[CDBI] Why does CDBI not populate the object on insert
moseley at hank.org
Fri Mar 6 04:46:13 GMT 2009
On Thu, Mar 05, 2009 at 04:10:10PM -0800, Michael G Schwern wrote:
> And then you have data normalization at the database level rather than the
> application level. Capitalization, phone numbers, credit card numbers,
> province names, country names... all are better done in the database than in
> individual applications to keep data integrity.
I'm a huge fan of very tight constraints and data checking in the
database -- in my view the database is really the application and the
constraints must keep it in a stable state. But, I can't think of any
place where I use a trip to the database and back for normalization.
I suspect if I thought about it a while I could find an exception to
that, but it it would be very rare in my case.
> Honestly, lazy loading is probably the biggest architectural mistake I made in
> CDBI. It seemed like a good idea at the time in 1999, with limited memory and
> I was working on a message storage system (lots of small headers, big body)
> but honestly it made the code way more complicated than it should be and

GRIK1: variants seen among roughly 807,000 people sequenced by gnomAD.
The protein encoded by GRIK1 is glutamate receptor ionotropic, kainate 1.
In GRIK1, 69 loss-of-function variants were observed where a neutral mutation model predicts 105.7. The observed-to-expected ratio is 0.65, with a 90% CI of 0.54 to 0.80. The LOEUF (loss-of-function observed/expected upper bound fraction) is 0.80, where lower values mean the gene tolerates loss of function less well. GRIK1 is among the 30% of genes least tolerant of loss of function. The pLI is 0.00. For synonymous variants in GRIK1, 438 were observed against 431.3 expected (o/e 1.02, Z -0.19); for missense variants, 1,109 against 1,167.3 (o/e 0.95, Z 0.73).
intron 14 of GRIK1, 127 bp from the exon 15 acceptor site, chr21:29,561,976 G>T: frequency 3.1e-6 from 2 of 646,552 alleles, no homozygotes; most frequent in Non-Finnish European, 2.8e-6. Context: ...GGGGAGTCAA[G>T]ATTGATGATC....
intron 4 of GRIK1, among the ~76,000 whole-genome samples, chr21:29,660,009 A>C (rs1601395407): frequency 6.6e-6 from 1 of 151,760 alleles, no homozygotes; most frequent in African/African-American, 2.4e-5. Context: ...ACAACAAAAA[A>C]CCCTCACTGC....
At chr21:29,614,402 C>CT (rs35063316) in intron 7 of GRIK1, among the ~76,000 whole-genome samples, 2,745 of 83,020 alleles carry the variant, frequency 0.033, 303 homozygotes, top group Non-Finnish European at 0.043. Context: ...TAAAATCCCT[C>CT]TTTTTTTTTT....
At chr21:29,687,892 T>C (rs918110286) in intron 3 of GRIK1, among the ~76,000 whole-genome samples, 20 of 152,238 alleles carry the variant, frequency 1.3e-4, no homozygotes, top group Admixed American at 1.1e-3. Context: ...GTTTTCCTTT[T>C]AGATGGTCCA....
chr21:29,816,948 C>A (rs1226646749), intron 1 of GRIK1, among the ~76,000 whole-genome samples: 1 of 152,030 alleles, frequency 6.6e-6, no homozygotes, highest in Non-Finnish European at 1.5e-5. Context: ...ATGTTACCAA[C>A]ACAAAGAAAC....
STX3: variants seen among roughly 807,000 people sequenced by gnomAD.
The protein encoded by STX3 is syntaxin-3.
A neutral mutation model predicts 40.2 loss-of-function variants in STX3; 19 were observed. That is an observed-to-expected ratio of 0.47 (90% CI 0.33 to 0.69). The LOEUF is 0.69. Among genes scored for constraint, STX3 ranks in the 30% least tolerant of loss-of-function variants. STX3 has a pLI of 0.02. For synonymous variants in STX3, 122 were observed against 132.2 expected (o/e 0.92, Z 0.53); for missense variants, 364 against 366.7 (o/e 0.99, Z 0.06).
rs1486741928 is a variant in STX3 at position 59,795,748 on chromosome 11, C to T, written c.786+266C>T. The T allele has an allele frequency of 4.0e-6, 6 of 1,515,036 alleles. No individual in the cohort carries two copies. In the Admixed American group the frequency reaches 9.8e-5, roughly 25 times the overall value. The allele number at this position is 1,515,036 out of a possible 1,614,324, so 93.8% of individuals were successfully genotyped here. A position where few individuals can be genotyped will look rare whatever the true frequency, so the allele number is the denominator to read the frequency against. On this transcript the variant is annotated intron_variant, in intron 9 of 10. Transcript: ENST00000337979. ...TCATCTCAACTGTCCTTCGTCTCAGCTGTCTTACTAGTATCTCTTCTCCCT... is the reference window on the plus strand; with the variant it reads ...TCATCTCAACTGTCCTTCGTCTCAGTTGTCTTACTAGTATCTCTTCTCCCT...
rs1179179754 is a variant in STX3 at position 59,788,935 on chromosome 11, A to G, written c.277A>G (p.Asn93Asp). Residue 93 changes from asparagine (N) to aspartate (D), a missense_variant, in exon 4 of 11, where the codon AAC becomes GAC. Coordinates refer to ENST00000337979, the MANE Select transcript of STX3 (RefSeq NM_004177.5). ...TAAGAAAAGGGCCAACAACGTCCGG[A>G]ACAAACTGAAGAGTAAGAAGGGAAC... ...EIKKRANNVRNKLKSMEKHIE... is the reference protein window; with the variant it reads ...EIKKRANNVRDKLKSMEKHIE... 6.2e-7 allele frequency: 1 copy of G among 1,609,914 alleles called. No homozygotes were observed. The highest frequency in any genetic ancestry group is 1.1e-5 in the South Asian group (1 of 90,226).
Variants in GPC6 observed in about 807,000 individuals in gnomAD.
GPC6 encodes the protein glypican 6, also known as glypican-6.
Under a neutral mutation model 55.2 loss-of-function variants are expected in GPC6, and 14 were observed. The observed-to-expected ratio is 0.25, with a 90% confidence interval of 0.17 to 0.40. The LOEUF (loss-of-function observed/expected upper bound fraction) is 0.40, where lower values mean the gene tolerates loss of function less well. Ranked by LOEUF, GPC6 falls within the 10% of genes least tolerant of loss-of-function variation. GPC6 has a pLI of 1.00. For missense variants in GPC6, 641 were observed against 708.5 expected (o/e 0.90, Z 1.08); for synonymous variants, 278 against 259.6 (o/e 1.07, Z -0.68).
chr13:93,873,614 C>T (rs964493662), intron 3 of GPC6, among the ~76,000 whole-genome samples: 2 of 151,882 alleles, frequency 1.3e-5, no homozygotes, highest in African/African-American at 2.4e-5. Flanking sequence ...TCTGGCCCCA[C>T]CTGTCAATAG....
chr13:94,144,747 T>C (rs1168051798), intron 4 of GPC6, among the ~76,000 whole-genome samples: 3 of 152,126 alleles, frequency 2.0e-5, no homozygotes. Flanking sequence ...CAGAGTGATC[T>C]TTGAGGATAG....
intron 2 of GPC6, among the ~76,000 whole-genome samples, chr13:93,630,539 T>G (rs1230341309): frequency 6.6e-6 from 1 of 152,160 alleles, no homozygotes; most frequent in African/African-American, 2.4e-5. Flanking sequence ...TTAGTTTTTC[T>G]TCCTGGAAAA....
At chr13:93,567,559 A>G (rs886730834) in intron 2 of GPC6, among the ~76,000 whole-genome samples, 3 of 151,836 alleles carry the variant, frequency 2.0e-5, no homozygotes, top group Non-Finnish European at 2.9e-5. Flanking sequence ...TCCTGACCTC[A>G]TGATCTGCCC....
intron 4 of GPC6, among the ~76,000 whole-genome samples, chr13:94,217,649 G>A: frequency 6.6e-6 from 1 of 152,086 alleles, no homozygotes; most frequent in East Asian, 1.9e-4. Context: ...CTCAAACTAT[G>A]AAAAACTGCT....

> probably drags performance down more than it speeds up. I should have just
> made each message join from header and body tables but that would have
> required good join support early on and I suck at joins.
Is the lazy loading expensive when not used? That is where Essential
is tuned for the columns used?
> > $country = $hood->city->state->country;
> Speaking of sucking at joins, that's always going to suck in CDBI.
Sure, normally that would be very slow, which is what caught my
attention. But, in this specific case I had created $state, from
$counry, and $city from $state, and so on, so all the related objects
were around. There's was no real reason to go back to the database
(except for reasons discussed today).
> Consider using Class::DBI::Sweet or DBIx::Class both of which I
> believe can model the above as a join instead of a string of
One of the reasons I still like CDBI is that it's a pretty
simple ORM, and when I need more complex joins (which is very common
in anything but the simplest application) I use set_sql(). I find SQL
a nice clean way to write database queries. ;)
moseley at hank.org
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